(2)

(3)

Chapter IV: Investigation and Recommendation By Special Committee

RULE 9. APPOINTMENT OF SPECIAL COMM ITTEE (a) Membership. A special committee appointed pursuant to rule 4(e) will consist of the chief judge of the circuit and equal numbers of circuit and district judges. If the complaint is about a district judge, bankruptcy judge, or magistrate judge, the district judge members of the committee will be from districts other than the district of the judge or magistrate judge complained about.

- 12 -

(b)

Presiding officer. At the time of appointing the committee, the chief judge will designate one of its members (who may be the chief judge) as the presiding officer. When designating another member of the committee as the presiding officer, the chief judge may also delegate to such member the authority to direct the clerk of the court of appeals to issue subpoenas related to proceedings of the committee. Bankruptcy Judge or Magistrate Judge as Adviser. If the judicial officer complained about is a bankruptcy judge or magistrate judge, the chief judge may designate a bankruptcy judge or magistrate judge, as the case may be, to serve as an adviser to the committee. The chief judge will designate such an adviser if, within ten days of notification of the appointment of the committee, the bankruptcy judge or magistrate judge complained about requests that an adviser be designated. The adviser will be from a district other than the district of the judge or magistrate judge complained about. The adviser will not vote but will have the other privileges of a member of the committee. Provision of Documents. The chief judge will send to each other member of the committee and to the adviser, if any, copies of (1) the complaint form and statement of facts, and (2) any other documents on file pertaining to the complaint (or to that portion of the complaint referred to the special committee). Continuing Qualification of Committee Members. A member of a special committee who was qualified at the time of appointment may continue to serve on the committee even though the member relinquishes the position of chief judge, circuit judge, or district judge, as the case may be, but only if the member continues to hold office under article III, section 1, of the Constitution of the United States. Inability of Committee Member to Complete Service. If a member of a special committee can no longer serve because of death, disability, disqualification, resignation, retirement from office, or other reason, the chief judge of the circuit will determine whether to appoint a replacement member, either a circuit or district judge as the case may be. However, no special committee appointed under these rules will function with only a single member, and the quorum and voting requirements for a two-member committee will be applied as if the committee had three members.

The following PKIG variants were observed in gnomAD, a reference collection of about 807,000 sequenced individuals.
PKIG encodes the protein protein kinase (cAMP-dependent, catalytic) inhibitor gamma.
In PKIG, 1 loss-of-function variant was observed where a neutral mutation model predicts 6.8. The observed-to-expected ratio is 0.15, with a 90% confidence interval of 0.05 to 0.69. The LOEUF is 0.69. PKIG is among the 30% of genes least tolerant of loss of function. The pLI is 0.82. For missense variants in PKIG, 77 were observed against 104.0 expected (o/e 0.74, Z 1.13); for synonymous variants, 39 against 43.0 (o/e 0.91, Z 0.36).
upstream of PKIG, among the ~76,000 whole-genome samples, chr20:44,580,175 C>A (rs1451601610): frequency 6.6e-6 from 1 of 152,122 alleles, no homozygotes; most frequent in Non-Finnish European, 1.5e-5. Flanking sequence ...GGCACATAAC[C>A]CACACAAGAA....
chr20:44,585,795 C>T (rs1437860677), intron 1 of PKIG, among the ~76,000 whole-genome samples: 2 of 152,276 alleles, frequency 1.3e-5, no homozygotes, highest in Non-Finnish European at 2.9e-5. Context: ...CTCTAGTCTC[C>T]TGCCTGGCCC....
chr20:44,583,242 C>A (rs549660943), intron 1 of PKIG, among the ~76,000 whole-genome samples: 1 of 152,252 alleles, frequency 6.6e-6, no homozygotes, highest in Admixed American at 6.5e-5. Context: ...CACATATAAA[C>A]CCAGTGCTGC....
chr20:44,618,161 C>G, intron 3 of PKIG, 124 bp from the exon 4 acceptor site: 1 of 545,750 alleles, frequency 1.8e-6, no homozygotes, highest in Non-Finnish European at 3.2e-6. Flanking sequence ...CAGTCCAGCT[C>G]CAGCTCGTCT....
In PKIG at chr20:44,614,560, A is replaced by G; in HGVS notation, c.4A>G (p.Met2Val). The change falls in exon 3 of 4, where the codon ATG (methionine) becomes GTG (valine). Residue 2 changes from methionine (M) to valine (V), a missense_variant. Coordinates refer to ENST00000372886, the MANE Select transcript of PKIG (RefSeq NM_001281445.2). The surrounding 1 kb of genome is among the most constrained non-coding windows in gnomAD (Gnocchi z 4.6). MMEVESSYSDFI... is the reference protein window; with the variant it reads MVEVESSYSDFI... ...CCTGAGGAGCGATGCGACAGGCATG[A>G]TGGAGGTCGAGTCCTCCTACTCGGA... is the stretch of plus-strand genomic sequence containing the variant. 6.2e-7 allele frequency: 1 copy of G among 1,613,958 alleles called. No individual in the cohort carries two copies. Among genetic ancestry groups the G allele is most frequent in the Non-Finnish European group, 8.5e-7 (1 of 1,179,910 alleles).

(c)

(d)

(e)

(f)